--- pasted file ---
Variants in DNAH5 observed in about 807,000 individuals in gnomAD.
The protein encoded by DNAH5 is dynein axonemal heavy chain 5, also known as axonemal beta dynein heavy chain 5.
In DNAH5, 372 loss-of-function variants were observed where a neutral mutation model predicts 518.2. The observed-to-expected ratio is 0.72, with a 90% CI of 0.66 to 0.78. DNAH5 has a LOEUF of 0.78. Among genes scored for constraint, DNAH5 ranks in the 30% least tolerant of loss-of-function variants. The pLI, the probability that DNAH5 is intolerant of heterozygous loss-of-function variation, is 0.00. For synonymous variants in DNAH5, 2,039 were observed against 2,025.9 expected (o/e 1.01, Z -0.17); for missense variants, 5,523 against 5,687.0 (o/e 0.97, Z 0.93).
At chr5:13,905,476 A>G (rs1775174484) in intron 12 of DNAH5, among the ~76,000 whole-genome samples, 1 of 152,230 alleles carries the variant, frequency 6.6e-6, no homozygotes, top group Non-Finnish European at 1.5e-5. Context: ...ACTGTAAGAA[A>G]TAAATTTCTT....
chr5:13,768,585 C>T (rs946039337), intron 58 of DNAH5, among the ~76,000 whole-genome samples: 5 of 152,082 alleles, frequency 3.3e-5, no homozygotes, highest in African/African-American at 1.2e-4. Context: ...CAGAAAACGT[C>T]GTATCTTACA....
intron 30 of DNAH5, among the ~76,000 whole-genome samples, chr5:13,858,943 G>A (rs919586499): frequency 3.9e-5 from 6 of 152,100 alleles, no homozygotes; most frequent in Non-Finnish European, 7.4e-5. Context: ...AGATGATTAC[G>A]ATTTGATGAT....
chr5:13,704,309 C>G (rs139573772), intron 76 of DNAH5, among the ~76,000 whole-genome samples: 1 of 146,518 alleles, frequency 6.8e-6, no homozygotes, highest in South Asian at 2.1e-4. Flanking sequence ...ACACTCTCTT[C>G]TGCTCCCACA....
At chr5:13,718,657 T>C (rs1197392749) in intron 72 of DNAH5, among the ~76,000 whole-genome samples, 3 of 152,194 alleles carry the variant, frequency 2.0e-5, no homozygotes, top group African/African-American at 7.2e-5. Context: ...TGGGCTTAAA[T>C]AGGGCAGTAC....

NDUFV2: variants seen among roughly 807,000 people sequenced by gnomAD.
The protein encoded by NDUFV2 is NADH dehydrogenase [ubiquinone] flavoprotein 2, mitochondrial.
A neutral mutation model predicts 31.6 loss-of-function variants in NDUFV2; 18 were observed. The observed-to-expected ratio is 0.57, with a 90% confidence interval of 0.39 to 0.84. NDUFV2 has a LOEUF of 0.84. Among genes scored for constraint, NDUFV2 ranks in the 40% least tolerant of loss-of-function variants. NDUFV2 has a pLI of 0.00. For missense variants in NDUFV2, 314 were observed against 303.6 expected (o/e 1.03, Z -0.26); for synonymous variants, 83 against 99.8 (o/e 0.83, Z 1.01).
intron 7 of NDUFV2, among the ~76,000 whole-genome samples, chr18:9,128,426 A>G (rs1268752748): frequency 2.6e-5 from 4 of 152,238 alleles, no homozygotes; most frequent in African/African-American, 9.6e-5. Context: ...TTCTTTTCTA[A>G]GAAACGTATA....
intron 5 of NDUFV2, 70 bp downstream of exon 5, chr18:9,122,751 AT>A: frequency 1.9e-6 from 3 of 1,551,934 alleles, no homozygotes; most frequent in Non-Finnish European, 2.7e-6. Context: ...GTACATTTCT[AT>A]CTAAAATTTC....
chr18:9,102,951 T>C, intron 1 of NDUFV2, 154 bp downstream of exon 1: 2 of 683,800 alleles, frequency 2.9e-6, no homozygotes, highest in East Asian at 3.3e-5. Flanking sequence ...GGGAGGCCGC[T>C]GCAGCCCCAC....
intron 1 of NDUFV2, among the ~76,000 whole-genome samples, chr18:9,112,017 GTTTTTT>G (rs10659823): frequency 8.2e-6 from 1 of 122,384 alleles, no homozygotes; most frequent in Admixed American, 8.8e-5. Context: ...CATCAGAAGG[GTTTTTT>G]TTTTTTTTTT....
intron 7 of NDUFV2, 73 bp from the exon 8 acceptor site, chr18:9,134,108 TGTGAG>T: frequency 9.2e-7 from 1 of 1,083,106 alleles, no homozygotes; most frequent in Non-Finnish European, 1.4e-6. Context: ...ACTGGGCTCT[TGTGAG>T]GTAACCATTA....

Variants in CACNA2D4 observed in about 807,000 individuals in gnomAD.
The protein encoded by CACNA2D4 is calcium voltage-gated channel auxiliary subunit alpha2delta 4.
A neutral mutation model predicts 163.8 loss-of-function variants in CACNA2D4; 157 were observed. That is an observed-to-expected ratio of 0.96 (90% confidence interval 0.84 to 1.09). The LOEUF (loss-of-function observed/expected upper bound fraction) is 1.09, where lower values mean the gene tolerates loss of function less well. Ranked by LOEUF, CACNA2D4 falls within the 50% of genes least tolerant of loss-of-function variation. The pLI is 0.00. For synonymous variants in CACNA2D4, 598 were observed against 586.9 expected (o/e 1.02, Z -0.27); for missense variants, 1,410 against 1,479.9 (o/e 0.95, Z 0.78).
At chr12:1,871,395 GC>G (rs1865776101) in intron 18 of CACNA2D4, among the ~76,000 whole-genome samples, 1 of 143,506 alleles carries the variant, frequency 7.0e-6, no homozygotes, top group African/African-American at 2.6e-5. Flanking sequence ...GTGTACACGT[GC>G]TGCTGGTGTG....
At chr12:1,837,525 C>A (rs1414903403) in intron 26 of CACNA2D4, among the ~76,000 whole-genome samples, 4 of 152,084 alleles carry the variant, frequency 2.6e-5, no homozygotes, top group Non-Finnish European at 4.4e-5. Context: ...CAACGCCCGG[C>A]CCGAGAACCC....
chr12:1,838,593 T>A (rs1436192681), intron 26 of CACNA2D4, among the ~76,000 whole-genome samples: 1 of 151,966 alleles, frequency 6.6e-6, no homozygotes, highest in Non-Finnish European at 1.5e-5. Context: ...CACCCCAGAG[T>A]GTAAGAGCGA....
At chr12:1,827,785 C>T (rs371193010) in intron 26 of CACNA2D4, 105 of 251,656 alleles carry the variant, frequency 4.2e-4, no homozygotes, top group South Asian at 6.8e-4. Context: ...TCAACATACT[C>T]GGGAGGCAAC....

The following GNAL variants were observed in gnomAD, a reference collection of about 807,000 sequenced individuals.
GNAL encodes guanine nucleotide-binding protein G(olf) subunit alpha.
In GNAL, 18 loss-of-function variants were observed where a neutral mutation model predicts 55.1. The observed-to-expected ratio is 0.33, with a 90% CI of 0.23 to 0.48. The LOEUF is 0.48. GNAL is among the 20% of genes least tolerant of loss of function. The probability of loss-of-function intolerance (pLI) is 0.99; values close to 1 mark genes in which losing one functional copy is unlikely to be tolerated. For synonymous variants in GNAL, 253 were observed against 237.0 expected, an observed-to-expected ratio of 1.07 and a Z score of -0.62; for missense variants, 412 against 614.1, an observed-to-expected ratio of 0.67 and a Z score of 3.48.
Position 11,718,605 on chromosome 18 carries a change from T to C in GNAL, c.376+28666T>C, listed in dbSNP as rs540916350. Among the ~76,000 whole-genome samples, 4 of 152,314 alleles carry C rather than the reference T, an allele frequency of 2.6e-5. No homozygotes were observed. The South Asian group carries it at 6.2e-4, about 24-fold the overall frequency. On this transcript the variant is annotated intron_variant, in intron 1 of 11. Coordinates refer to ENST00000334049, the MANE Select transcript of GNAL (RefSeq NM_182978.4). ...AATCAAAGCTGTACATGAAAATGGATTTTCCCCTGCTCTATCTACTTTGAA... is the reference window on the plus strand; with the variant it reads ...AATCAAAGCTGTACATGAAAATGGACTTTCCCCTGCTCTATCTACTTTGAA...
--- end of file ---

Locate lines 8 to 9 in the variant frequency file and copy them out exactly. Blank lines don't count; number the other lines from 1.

At chr5:13,718,657 T>C (rs1197392749) in intron 72 of DNAH5, among the ~76,000 whole-genome samples, 3 of 152,194 alleles carry the variant, frequency 2.0e-5, no homozygotes, top group African/African-American at 7.2e-5. Context: ...TGGGCTTAAA[T>C]AGGGCAGTAC....

NDUFV2: variants seen among roughly 807,000 people sequenced by gnomAD.